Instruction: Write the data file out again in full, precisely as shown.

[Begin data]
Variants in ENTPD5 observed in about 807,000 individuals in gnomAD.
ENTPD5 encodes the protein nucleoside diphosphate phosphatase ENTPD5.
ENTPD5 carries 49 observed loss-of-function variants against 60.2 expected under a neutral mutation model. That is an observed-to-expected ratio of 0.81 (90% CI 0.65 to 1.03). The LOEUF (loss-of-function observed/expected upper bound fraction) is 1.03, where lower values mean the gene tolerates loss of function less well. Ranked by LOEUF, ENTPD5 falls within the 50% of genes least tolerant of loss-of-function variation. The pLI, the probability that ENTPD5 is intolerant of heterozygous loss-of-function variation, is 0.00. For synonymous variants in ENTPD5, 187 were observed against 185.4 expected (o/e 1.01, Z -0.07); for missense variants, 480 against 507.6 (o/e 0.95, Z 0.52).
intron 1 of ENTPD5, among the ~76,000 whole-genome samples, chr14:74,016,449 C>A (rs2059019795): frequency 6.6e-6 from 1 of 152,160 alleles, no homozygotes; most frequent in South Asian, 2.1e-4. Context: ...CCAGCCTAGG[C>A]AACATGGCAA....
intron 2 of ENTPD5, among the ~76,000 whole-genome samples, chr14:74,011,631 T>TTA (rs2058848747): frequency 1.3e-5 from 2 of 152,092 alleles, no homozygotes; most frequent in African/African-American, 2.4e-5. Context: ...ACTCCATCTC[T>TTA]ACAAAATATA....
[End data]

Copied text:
Variants in ENTPD5 observed in about 807,000 individuals in gnomAD.
ENTPD5 encodes the protein nucleoside diphosphate phosphatase ENTPD5.
ENTPD5 carries 49 observed loss-of-function variants against 60.2 expected under a neutral mutation model. That is an observed-to-expected ratio of 0.81 (90% CI 0.65 to 1.03). The LOEUF (loss-of-function observed/expected upper bound fraction) is 1.03, where lower values mean the gene tolerates loss of function less well. Ranked by LOEUF, ENTPD5 falls within the 50% of genes least tolerant of loss-of-function variation. The pLI, the probability that ENTPD5 is intolerant of heterozygous loss-of-function variation, is 0.00. For synonymous variants in ENTPD5, 187 were observed against 185.4 expected (o/e 1.01, Z -0.07); for missense variants, 480 against 507.6 (o/e 0.95, Z 0.52).
intron 1 of ENTPD5, among the ~76,000 whole-genome samples, chr14:74,016,449 C>A (rs2059019795): frequency 6.6e-6 from 1 of 152,160 alleles, no homozygotes; most frequent in South Asian, 2.1e-4. Context: ...CCAGCCTAGG[C>A]AACATGGCAA....
intron 2 of ENTPD5, among the ~76,000 whole-genome samples, chr14:74,011,631 T>TTA (rs2058848747): frequency 1.3e-5 from 2 of 152,092 alleles, no homozygotes; most frequent in African/African-American, 2.4e-5. Context: ...ACTCCATCTC[T>TTA]ACAAAATATA....